Arctic fjords experience extremely pronounced seasonal variability and spatial heterogeneity associated with changes in ice cover, glacial retreat and the intrusion of continental shelf’s adjacent water masses. Global warming intensifies natural environmental variability on these important systems, yet the regional and global effects of these processes are still poorly understood. In the present study, we examine seasonal and spatial variability in Kongsfjorden, on the western coast of Spitsbergen, Svalbard. We report hydrological, biological, and biogeochemical data collected during spring, summer, and fall 2012. Our results show a strong phytoplankton bloom with the highest chlorophyll a (Chla) levels ever reported in this area, peaking 15.5 µg/L during late May and completely dominated by large diatoms at the inner fjord, that may sustain both pelagic and benthic production under weakly stratified conditions at the glacier front. A progressively stronger stratification of the water column during summer and fall was shaped by the intrusion of warm Atlantic water (T > 3°C and Sal > 34.65) into the fjord at around 100 m depth, and by turbid freshwater plumes (T < 1°C and Sal < 34.65) at the surface due to glacier meltwater input. Biopolymeric carbon fractions and isotopic signatures of the particulate organic material (POM) revealed very fresh and labile material produced during the spring bloom (13C enriched, with values up to -22.7‰ at the highest Chl a peak, and high in carbohydrates and proteins content -up to 167 and 148 µg/L, respectively-), and a clear and strong continental signature of the POM present during late summer and fall (13C depleted, with values averaging -26.5 ‰, and high in lipid content –up to 92 µg/L-) when freshwater melting is accentuated. Our data evidence the importance of combining both physical (i.e. water mass dominance) and geochemical (i.e. characteristics of material released by glacier runoff) data in order to understand the timing, intensity and characteristics of the phytoplankton bloom in Kongsfjorden, a continuously changing system due to sustained warming. In a scenario where glacial retreat is predicted to increase the impacts of meltwater discharge and associated delivery of organic and inorganic material to the surrounding waters, special attention is required in order to predict the consequences for Arctic fjords and adjacent shelf ecosystems.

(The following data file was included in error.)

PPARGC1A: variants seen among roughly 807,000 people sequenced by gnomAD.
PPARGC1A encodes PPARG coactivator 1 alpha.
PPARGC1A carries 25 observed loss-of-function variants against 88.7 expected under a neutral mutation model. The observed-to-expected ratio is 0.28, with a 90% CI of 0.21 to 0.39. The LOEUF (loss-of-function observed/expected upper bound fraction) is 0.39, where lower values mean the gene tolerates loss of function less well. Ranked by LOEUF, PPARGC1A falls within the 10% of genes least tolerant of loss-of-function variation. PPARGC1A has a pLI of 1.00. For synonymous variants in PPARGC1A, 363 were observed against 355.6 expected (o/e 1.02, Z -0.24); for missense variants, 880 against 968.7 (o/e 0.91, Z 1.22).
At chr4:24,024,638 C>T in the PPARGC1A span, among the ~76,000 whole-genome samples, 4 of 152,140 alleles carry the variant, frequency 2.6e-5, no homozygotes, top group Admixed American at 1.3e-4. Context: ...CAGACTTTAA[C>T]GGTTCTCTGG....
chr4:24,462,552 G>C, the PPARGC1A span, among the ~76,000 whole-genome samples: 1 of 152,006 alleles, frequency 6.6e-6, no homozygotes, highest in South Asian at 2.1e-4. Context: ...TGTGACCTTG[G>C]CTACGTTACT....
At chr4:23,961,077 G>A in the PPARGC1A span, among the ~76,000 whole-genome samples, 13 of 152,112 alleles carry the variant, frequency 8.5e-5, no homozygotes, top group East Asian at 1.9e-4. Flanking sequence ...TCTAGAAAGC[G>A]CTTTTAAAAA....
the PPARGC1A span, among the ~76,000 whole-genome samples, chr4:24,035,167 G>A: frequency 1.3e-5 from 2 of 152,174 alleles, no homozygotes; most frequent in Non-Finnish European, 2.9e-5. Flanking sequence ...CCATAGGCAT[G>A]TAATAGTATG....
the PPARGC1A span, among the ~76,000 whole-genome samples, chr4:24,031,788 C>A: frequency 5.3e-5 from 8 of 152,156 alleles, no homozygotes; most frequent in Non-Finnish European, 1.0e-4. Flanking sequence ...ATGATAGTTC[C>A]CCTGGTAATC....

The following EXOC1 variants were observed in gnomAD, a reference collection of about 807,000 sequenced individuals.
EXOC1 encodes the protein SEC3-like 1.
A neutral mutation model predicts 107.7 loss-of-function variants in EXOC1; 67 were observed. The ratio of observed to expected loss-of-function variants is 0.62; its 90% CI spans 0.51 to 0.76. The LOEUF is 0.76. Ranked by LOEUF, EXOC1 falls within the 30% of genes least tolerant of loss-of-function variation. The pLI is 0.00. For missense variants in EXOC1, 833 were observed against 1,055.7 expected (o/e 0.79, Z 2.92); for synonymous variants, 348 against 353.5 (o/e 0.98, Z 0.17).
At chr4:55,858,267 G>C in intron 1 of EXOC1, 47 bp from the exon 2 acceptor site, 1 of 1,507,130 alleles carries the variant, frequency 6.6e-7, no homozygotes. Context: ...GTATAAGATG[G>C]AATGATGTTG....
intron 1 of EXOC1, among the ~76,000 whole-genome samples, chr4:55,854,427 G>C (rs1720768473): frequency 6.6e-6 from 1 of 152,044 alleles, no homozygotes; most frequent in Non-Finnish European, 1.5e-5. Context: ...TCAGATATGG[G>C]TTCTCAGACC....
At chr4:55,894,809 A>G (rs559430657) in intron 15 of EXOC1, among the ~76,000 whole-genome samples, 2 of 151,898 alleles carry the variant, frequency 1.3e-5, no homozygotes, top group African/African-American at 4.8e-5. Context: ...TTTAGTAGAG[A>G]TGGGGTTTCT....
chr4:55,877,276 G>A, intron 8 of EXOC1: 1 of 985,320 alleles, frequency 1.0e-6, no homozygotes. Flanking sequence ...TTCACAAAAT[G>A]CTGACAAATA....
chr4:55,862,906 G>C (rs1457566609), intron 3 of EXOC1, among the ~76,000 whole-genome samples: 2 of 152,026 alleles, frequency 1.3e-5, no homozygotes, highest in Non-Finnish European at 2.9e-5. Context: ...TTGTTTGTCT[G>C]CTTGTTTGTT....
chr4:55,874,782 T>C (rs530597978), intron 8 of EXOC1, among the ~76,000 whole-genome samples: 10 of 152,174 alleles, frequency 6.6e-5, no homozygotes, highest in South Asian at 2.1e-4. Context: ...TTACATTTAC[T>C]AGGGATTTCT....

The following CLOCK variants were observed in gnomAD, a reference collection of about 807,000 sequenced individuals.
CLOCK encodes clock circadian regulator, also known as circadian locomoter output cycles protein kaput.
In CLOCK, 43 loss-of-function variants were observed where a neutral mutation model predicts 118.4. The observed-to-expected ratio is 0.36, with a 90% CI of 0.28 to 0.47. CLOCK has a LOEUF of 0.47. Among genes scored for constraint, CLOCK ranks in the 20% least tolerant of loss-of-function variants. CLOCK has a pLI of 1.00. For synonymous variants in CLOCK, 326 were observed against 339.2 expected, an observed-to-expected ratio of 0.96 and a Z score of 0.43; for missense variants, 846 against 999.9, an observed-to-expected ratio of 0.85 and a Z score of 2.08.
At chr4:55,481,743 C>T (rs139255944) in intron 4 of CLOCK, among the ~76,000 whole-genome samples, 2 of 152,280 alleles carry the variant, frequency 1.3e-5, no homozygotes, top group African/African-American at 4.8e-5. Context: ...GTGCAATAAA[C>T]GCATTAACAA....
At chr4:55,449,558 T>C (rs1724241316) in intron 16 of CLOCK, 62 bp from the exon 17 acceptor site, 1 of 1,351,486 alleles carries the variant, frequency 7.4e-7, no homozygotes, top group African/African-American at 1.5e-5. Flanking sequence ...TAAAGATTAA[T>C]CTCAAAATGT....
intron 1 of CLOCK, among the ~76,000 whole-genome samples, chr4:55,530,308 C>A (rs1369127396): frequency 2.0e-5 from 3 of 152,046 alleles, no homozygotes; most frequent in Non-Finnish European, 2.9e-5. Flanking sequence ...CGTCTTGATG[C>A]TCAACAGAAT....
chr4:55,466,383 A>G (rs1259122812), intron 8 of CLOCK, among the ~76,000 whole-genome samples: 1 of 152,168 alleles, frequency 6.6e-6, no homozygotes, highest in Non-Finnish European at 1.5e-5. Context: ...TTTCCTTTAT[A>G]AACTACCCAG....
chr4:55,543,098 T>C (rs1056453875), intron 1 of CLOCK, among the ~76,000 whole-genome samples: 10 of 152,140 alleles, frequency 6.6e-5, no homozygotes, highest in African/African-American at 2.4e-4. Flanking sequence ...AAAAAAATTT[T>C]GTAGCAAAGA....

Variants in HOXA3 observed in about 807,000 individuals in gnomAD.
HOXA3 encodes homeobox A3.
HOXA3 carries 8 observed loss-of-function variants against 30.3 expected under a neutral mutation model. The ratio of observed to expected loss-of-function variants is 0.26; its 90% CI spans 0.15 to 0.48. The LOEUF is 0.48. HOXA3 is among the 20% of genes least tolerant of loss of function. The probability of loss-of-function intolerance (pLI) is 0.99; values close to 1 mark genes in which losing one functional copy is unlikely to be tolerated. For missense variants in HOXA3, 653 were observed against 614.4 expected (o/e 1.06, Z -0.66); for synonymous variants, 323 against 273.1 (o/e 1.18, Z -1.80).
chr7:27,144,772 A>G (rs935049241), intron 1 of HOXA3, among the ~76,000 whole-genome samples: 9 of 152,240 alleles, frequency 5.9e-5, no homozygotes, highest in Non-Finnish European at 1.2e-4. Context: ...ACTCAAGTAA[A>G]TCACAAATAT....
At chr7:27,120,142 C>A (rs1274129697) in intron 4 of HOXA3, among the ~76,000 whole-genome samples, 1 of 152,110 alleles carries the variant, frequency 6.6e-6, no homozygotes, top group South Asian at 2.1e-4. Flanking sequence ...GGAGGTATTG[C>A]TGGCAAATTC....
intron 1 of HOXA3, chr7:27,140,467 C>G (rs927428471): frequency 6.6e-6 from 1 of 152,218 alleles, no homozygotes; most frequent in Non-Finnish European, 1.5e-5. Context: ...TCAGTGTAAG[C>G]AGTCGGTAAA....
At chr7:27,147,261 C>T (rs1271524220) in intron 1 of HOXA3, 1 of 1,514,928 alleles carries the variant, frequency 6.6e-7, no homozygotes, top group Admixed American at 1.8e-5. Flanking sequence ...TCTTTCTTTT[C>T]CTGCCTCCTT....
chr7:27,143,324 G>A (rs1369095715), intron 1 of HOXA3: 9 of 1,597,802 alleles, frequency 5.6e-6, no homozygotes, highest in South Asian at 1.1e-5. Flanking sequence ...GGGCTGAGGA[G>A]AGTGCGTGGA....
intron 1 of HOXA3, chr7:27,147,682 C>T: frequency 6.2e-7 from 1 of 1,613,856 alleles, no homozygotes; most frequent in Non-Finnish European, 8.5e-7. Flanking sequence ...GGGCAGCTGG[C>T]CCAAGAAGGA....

Bibliographical noteKAUST Repository Item: Exported on 2020-10-01
Acknowledgements: This research was part of the ECOTAB project funded by The French “Agence Nationale de la Recherche” (Ref: ANR-11-PDOC-0018) and the French Polar Institut Paul Emile Victor (IPEV). We thank the crew of the workboat MS Teistein and the Kings Bay personnel. We also thank Marion Maturilli and all AWIPEV personnel at Ny-Ålesund for dedicated, professional assistance and for providing meteorological data. We thank F. Narcy, J. Richard, E. Amice, A. Aubert, and G. Duong for their help on the field for samples collection and M. LeGoff, R. Corvaisier and B. Beker for nutrient and phytoplankton analyses. We also want to thank the anonymous reviewers who contributed a significant amount of effort to improving the manuscript. M. Ll. C. was funded by the Spanish Research Council, Consejo Superior de Investigaciones Cientificas (CSIC, grant JAEDOC030-2010) and co-funded by the Fondo Social Europeo (FSO). S.B was funded by the Conseil Général du Finistère (CG29). M. K. was further financed by Polish Ministry of Science and Higher Education grant number W70/ECOTAB/2014. We thank J. A. Hale for English corrections and constructive comments.